One computer device per person is common in offices today. Computers are revolutionizing how work gets done, as well as changing requirements placed on the workplace and its design. The most common complaints among office workers about their work environment have to do with lighting and difficulties in reading their video display terminal (VDT).

Reflections on a VDT screen which interfere with reading the screen are called "veiling" reflections. They may cause eye strain and tiredness. Or they may cause one to misread the display. Both of these result in a drop in productivity and/or quality.

These reflections are caused by relatively bright surfaces or lights which are reflected by the face of a VDT. Bright surfaces are those which have a much greater light intensity than the area surrounding them.

There are a number of ways to eliminate veiling reflections or to reduce their effects. Some are measures which an individual can take without effecting his/her neighbors. Others require changes to the building or changes which effect others.


Changes Within a Single Workstation

Adjust the VDT: Try to adjust the VDT so that the reflections disappear. This will be easier if the terminal has a tilt swivel base. Its just like adjusting a mirror so there are no bright lights or objects in view.

Swivel tilt VDT

Move the VDT: Check to see if there is another location for the VDT within the workstation. Is there a spot to place the VDT so that there would be no bright lights or surfaces behind the user if he/she were seated at the VDT? Check this by placing a mirror or piece of reflective material where the face of the screen would be located. If a better location is available, consider whether the new arrangement of the work area will be satisfactory and check to see if cables will reach and power is accessible from the new location.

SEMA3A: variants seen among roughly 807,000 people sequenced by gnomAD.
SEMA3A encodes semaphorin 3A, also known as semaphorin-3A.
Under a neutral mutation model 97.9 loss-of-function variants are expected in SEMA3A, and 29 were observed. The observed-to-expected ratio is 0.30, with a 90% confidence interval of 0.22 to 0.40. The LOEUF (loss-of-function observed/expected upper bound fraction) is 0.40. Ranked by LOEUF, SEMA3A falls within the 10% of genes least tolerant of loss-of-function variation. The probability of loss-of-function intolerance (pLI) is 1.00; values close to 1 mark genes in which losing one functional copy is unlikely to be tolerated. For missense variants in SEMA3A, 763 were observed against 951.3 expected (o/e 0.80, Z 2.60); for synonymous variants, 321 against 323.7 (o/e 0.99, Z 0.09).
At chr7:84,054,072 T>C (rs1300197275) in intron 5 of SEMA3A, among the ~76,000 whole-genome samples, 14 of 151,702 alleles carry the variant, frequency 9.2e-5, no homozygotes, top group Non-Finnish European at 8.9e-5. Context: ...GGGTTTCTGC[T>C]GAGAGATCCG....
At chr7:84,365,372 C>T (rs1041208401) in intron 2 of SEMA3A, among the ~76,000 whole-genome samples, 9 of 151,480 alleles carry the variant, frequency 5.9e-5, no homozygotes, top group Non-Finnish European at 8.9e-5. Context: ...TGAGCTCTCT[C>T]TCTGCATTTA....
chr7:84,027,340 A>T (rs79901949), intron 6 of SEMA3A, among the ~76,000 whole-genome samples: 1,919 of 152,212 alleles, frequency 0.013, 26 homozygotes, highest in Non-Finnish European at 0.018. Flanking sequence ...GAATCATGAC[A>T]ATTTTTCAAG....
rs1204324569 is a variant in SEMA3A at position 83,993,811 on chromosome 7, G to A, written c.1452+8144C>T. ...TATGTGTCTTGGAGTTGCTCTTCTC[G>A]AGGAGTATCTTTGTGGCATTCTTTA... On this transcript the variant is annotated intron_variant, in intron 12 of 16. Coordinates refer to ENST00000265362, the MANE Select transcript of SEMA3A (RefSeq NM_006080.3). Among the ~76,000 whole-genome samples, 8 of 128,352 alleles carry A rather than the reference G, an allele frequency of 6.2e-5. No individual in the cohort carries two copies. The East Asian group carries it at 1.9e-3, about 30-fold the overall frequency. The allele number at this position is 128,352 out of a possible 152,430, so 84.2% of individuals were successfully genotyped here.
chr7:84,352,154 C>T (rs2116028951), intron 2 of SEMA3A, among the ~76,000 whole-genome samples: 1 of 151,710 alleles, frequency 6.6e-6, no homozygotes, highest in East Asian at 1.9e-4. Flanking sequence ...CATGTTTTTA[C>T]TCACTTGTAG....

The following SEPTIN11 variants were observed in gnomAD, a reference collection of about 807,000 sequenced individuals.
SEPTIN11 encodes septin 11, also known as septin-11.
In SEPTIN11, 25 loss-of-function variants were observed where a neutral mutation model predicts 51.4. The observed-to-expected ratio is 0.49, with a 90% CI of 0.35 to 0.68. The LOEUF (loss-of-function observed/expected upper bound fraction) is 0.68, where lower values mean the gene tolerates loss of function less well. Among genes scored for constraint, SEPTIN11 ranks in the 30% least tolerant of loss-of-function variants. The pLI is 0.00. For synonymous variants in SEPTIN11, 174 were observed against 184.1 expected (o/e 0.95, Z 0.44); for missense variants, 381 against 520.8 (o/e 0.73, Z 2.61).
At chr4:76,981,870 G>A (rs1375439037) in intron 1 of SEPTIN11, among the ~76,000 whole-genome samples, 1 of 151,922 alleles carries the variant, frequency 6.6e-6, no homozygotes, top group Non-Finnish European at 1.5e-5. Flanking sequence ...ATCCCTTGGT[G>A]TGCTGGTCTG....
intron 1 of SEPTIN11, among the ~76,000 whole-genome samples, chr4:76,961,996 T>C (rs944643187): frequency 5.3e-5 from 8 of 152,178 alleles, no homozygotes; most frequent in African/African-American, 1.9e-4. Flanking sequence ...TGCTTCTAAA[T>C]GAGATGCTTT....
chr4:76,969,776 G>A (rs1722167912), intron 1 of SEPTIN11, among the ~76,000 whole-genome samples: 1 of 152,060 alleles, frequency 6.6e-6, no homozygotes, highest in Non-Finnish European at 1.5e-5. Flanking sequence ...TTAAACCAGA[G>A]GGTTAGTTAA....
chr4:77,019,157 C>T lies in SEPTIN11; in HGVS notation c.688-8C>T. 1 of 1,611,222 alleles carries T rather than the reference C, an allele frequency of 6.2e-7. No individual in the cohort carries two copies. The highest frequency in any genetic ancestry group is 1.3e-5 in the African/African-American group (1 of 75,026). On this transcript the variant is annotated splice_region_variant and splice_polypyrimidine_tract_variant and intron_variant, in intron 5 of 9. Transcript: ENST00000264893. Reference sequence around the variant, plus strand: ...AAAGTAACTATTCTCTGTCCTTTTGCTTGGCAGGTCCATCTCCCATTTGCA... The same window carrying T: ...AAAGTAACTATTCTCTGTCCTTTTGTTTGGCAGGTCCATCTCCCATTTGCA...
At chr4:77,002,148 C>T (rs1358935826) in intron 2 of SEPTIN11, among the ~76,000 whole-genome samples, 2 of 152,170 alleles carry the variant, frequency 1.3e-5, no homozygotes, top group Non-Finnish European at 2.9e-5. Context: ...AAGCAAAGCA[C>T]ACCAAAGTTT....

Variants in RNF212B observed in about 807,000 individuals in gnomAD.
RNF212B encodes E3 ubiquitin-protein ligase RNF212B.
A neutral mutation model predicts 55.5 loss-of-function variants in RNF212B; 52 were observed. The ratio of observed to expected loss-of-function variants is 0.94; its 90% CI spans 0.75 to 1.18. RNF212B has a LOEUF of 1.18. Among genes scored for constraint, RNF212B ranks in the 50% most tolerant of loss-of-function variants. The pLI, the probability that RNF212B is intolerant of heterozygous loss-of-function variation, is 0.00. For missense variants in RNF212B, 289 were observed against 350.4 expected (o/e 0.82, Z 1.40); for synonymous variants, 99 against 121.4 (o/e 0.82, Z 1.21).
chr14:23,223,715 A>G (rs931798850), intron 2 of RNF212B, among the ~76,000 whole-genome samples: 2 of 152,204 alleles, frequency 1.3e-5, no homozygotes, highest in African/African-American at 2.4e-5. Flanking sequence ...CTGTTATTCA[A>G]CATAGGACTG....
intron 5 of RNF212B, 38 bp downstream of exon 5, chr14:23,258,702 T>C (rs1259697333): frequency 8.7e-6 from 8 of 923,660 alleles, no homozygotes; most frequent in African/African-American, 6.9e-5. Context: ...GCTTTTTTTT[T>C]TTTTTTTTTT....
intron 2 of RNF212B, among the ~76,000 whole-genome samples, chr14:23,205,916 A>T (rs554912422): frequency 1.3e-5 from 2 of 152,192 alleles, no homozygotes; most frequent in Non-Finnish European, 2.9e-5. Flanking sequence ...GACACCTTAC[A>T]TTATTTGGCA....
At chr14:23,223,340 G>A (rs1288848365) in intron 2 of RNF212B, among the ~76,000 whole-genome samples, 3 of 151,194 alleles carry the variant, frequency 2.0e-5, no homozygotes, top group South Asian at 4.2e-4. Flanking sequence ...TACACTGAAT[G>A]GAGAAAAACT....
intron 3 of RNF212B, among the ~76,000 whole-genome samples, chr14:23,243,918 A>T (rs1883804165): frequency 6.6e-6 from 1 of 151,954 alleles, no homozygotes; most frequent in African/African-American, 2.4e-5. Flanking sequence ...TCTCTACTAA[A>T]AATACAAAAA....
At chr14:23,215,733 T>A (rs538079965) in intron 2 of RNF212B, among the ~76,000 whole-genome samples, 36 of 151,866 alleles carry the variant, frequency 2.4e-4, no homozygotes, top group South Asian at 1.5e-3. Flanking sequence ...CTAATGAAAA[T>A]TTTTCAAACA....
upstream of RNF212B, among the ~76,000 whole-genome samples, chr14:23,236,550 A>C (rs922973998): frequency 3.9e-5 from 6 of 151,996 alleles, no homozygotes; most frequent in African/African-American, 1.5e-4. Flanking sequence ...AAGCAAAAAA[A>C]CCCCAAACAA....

Light Source: If the obscuring reflection is a light source which can be eliminated without disturbing others, then turn it off. For example, the light might be a task or under shelf light in the user's own work area.

Windows: If the light source is daylight from a window, close the window blinds or drapes. In general, VDT's should be placed at right angles to exterior windows. If the screen faces a window, there will be reflections on the screen from the exterior. If the user faces the window, there will be disturbing glare due to the brightness surrounding the VDT.

User reflection: Light clothes, a very dark background or a lighting level which is too bright may cause the user to be reflected in the screen. To get rid of the reflection, it will be necessary to eliminate the contrast between light and dark. That is, have the user try wearing darker clothes, reduce the intensity of the light shining on the worker or lighten the background.

Display type: If the VDT has reverse video (i.e. it can be switched to a light background with dark images), try this. Veiling reflections are primarily a problem when the display background is dark. With a light screen the reflections are usually less bright than the screen and are therefore not visible.


Changes Beyond a Single Workstation

If none of these suggestions reduce the veiling reflections satisfactorily, it will probably be necessary to spend some money and efforts must be escalated beyond the individual work station. The following options are listed in order of increasing expense.